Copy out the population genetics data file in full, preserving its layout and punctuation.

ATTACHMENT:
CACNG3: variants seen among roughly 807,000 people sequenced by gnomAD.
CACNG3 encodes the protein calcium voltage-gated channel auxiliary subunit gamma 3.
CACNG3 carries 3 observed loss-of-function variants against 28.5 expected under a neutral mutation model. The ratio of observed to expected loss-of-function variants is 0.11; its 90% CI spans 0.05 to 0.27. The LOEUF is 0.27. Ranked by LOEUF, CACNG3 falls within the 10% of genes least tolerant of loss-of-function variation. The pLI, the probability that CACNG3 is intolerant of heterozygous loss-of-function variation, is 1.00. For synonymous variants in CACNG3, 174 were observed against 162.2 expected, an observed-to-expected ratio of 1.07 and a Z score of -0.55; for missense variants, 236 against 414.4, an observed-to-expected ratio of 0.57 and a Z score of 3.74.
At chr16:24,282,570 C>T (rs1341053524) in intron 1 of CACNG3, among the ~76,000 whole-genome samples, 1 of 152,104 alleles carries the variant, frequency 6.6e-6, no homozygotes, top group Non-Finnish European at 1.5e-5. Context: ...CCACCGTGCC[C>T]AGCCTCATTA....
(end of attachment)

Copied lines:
CACNG3: variants seen among roughly 807,000 people sequenced by gnomAD.
CACNG3 encodes the protein calcium voltage-gated channel auxiliary subunit gamma 3.
CACNG3 carries 3 observed loss-of-function variants against 28.5 expected under a neutral mutation model. The ratio of observed to expected loss-of-function variants is 0.11; its 90% CI spans 0.05 to 0.27. The LOEUF is 0.27. Ranked by LOEUF, CACNG3 falls within the 10% of genes least tolerant of loss-of-function variation. The pLI, the probability that CACNG3 is intolerant of heterozygous loss-of-function variation, is 1.00. For synonymous variants in CACNG3, 174 were observed against 162.2 expected, an observed-to-expected ratio of 1.07 and a Z score of -0.55; for missense variants, 236 against 414.4, an observed-to-expected ratio of 0.57 and a Z score of 3.74.
At chr16:24,282,570 C>T (rs1341053524) in intron 1 of CACNG3, among the ~76,000 whole-genome samples, 1 of 152,104 alleles carries the variant, frequency 6.6e-6, no homozygotes, top group Non-Finnish European at 1.5e-5. Context: ...CCACCGTGCC[C>T]AGCCTCATTA....